Oklahoma is Oklahoma. Texas is Texas. Brands are brands, and names like Oklahoma and Texas will always carry more weight with a selection committee than a TCU or Baylor will, whether the members of the selection committee even realize it or not.
Texas getting back to winning in the Big 12 is much better for the conference in the long-term than going to 12 teams or adding a championship game will ever be.
Plus, while it doesn't come up very often, we're ignoring one key factor when discussing the Big 12's chances of cracking the CFP right now: the CFP is a four-team tournament. I like four teams. I think four teams is perfect. None of this means I'm naive enough to believe it will remain at four teams.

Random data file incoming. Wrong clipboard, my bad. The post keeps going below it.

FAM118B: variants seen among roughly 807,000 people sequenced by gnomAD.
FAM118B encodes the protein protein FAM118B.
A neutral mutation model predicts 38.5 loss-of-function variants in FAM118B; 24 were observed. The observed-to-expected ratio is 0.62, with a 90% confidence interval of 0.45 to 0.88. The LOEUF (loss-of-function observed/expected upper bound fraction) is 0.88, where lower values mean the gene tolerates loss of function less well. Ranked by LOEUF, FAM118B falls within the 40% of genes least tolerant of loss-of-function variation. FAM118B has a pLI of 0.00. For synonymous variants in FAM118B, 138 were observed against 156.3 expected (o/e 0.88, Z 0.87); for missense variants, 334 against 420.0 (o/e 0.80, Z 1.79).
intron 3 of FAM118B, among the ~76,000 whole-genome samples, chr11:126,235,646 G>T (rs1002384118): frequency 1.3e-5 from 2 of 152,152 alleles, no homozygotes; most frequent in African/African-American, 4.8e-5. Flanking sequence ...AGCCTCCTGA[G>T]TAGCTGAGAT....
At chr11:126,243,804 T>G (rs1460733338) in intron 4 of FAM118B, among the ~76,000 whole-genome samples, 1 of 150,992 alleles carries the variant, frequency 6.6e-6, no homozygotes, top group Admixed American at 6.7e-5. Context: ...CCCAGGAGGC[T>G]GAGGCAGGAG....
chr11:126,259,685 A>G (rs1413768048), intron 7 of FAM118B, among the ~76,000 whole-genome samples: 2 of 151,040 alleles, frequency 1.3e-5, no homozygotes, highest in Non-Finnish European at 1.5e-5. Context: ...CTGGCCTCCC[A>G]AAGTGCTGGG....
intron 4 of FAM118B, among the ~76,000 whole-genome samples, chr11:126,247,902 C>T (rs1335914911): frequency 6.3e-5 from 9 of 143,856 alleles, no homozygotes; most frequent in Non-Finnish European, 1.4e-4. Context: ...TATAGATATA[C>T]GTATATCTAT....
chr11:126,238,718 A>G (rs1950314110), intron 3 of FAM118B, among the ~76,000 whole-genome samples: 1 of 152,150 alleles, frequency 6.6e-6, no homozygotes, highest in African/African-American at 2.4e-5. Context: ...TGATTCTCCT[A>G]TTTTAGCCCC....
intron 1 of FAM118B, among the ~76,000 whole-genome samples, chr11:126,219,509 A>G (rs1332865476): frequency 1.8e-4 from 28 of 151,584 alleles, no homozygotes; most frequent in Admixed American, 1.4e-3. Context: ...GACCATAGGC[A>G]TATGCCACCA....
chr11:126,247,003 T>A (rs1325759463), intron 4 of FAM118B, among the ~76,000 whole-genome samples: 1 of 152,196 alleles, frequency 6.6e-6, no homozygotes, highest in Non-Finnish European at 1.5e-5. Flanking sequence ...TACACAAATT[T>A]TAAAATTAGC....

When it's the Power Five and there are only four spots available, well, I didn't need to get past AP Calculus to understand how that math is going to work.
Someday, the CFP will include eight teams with each of the Power Five champions earning an automatic berth and three at-larges (or maybe two at-larges and the Group of Five Chosen One). When that's the situation, the ultimate goal will be getting two teams into the playoff field, and when that's the case, having a championship game might become a detriment.
Championship games could help two-loss teams on the bubble become three-loss teams without a chance.
In a situation like that, maybe both 2014 TCU and Baylor get in rather than neither.